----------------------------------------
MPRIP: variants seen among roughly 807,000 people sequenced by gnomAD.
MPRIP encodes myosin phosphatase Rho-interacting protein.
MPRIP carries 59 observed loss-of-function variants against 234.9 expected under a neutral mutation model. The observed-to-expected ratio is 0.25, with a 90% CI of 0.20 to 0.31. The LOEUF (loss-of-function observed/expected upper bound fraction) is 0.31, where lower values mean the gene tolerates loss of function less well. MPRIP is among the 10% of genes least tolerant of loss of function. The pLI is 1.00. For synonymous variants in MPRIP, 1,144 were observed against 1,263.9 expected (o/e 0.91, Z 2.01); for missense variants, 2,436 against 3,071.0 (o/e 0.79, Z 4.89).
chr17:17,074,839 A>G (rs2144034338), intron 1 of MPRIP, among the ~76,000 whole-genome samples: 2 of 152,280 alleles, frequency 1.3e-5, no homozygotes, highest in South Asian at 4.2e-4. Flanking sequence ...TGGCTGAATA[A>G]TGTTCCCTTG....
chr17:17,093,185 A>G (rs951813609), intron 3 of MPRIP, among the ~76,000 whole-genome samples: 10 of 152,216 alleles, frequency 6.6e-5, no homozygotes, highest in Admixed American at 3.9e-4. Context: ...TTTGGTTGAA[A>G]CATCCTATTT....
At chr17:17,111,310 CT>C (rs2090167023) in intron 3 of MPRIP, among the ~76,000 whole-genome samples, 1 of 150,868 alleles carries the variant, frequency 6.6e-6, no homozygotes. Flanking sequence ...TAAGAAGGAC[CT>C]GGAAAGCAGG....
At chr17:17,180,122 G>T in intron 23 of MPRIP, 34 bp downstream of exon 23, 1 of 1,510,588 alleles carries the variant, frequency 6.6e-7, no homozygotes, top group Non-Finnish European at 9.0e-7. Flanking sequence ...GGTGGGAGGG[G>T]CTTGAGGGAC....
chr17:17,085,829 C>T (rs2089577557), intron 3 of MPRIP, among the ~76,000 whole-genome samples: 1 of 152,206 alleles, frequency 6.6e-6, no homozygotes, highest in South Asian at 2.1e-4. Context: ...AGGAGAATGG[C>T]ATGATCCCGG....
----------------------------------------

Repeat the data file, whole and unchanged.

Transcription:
MPRIP: variants seen among roughly 807,000 people sequenced by gnomAD.
MPRIP encodes myosin phosphatase Rho-interacting protein.
MPRIP carries 59 observed loss-of-function variants against 234.9 expected under a neutral mutation model. The observed-to-expected ratio is 0.25, with a 90% CI of 0.20 to 0.31. The LOEUF (loss-of-function observed/expected upper bound fraction) is 0.31, where lower values mean the gene tolerates loss of function less well. MPRIP is among the 10% of genes least tolerant of loss of function. The pLI is 1.00. For synonymous variants in MPRIP, 1,144 were observed against 1,263.9 expected (o/e 0.91, Z 2.01); for missense variants, 2,436 against 3,071.0 (o/e 0.79, Z 4.89).
chr17:17,074,839 A>G (rs2144034338), intron 1 of MPRIP, among the ~76,000 whole-genome samples: 2 of 152,280 alleles, frequency 1.3e-5, no homozygotes, highest in South Asian at 4.2e-4. Flanking sequence ...TGGCTGAATA[A>G]TGTTCCCTTG....
chr17:17,093,185 A>G (rs951813609), intron 3 of MPRIP, among the ~76,000 whole-genome samples: 10 of 152,216 alleles, frequency 6.6e-5, no homozygotes, highest in Admixed American at 3.9e-4. Context: ...TTTGGTTGAA[A>G]CATCCTATTT....
At chr17:17,111,310 CT>C (rs2090167023) in intron 3 of MPRIP, among the ~76,000 whole-genome samples, 1 of 150,868 alleles carries the variant, frequency 6.6e-6, no homozygotes. Flanking sequence ...TAAGAAGGAC[CT>C]GGAAAGCAGG....
At chr17:17,180,122 G>T in intron 23 of MPRIP, 34 bp downstream of exon 23, 1 of 1,510,588 alleles carries the variant, frequency 6.6e-7, no homozygotes, top group Non-Finnish European at 9.0e-7. Flanking sequence ...GGTGGGAGGG[G>T]CTTGAGGGAC....
chr17:17,085,829 C>T (rs2089577557), intron 3 of MPRIP, among the ~76,000 whole-genome samples: 1 of 152,206 alleles, frequency 6.6e-6, no homozygotes, highest in South Asian at 2.1e-4. Context: ...AGGAGAATGG[C>T]ATGATCCCGG....